This promise is the fount of the prophets’ hope for a New Covenant; this language is echoed in Isaiah 54, Jeremiah 31, Ezekiel 36-37, and in New Testament, in John 6, Romans 10, and elsewhere. Israel needed a saviour who was powerful enough to act on their behalf before they were able to ask him to do so. They could not obey God, they needed him to create obedience; they could not submit to God, they needed him to create submission within them. If they were to enjoy the abundant life God wanted for them, they needed a God to act in unilateral power.

They could not consent to God’s renovating work, for it was their very rebellion and disobedience that he had to destroy. Yet by acting in such power, to change the direction of the human will, is evidently a beautiful act of mercy. If God did not do so, each of us would be dead in our trespasses and sins. We would be without hope in this world. The dead cannot accept the gift of life, but when it is given to them, they would hardly refuse it.

How foolish would Lazarus have been to walk out of the tomb and tell Jesus, “I did not agree to be raised, put me back in the ground where I belong.” No, the proper response to God’s sovereign mercy is adoration and worship. How kind is God! How loving is God! How merciful and good is God who uses his unchallengeable power to give life to rebels, enemies, even adulterers—those who have gone after other gods?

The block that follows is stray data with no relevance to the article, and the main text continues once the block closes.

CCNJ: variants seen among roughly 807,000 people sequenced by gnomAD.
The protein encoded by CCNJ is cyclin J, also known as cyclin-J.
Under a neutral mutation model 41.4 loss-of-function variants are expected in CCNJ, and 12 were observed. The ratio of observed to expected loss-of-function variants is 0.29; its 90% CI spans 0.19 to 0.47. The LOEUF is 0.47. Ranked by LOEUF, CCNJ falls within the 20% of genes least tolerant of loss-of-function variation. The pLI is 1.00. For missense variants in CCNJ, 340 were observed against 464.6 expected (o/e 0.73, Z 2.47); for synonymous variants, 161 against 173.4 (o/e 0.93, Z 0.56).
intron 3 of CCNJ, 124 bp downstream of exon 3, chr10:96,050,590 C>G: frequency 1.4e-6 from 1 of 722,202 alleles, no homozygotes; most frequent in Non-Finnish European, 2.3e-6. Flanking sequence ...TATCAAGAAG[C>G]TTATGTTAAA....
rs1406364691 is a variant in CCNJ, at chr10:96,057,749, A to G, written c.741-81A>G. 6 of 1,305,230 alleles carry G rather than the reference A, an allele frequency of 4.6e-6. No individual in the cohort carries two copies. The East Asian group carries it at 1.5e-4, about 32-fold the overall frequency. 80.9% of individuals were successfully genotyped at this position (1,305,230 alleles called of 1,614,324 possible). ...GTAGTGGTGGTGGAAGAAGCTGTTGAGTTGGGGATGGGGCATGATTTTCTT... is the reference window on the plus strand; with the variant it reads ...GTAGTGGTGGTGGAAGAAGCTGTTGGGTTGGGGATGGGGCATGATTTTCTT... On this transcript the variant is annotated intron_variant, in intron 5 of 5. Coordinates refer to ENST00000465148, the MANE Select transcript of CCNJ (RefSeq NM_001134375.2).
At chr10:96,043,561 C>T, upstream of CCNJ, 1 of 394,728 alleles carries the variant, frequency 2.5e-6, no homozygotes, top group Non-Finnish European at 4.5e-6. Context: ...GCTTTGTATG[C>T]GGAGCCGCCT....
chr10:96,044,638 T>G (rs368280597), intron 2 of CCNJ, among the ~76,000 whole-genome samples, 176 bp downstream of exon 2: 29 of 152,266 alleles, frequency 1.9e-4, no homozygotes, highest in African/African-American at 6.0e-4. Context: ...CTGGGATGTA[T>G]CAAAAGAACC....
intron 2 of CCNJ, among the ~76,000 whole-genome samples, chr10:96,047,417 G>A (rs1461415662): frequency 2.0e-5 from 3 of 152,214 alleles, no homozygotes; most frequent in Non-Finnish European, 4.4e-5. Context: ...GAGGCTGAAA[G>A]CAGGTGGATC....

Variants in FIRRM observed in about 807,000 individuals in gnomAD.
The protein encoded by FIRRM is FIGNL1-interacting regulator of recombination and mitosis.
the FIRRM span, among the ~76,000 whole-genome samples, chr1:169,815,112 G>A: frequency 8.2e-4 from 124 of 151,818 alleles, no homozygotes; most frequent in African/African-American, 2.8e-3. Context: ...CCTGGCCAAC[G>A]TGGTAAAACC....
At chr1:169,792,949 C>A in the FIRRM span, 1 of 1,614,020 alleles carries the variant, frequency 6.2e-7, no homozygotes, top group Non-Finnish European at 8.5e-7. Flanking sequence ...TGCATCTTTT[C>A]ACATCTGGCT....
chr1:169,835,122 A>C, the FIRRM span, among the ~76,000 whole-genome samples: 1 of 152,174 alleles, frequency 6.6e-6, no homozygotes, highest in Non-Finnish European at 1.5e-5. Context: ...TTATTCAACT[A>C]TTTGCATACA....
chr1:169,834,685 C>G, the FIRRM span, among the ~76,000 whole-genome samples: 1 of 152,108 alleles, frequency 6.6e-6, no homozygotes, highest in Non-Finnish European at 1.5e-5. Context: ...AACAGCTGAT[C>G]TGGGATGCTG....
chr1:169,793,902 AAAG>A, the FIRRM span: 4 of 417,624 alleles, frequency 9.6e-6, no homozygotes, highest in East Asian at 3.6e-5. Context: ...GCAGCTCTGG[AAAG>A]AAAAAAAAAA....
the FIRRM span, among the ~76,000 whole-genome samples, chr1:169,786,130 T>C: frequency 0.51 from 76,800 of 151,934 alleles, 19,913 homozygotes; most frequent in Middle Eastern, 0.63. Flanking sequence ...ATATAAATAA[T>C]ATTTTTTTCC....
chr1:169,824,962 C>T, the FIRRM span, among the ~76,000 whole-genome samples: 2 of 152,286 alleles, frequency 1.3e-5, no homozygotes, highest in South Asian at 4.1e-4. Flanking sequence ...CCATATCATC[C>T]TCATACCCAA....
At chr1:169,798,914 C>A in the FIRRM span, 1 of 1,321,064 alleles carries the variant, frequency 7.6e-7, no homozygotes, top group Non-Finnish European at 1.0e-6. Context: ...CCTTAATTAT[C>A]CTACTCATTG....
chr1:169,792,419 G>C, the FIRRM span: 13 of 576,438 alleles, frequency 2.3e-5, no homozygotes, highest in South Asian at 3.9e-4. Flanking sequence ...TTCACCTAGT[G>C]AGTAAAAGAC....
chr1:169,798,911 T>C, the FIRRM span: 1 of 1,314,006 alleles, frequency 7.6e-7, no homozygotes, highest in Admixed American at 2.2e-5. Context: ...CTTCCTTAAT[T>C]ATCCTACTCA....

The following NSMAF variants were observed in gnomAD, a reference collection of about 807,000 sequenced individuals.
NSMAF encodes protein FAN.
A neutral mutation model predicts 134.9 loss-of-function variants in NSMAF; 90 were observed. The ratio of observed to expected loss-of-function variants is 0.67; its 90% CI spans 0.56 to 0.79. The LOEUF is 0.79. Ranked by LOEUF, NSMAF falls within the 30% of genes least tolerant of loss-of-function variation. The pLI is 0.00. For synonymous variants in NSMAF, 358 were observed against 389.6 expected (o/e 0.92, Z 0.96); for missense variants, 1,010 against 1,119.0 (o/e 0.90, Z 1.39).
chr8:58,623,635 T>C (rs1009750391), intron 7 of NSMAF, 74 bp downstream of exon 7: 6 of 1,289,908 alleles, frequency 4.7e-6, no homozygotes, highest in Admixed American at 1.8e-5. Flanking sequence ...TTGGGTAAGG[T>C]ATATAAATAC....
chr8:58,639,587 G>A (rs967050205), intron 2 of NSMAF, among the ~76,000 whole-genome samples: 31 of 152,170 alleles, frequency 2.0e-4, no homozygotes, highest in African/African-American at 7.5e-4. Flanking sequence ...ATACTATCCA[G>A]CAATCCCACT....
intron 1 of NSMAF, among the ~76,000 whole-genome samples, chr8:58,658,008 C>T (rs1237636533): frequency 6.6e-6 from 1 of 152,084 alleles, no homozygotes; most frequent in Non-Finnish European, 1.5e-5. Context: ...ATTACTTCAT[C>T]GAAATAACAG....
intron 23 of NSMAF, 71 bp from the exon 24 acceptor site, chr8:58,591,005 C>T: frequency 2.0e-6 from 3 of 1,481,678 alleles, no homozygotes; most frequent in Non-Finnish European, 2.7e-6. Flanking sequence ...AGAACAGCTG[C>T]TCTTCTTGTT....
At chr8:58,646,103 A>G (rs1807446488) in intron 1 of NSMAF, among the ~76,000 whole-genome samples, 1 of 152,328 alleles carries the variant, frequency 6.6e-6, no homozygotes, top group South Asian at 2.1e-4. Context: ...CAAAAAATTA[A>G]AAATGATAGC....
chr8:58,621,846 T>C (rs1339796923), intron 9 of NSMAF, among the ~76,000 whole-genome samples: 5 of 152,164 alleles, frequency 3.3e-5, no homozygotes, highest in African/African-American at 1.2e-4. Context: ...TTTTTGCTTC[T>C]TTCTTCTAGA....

This is God, a sovereign saviour. He is a saviour, acting for the good of his people. He saves us from genuine despair and the terrible fate of final judgment. He is also sovereign; he acts without receiving permission or authority from another. For those dead and unable to act, those blind and unable to see the right way, consumed with self-destructive pride and jealousy, this is exactly the saviour we need. We need a God who saves first, then invites us to trust him and enter into an eternal marriage covenant with him. Having secured our salvation through his inscrutable work in our hearts, we most certainly accept his proposal.

Portrait 1 – (God is) The Beginning

Portrait 2 – (God is) Unpredictably Gracious

Portrait 3 – (God is) The Self-Revealing One

Portrait 4 – (God is) Great in Mercy

Photo by Pisit Heng on Unsplash

  1. My translation. For my defence of this translation, see Appendix 1 in Prevenient Grace, The Gift of Reading – Part 2, or God’s Gifts for the Christian Life – Part 1. []

2 thoughts on “The Sovereign Saviour – A Portrait of God (5)

  1. After reading this excerpt from your new book, I can\\\’t wait to read the whole book. When will this be published?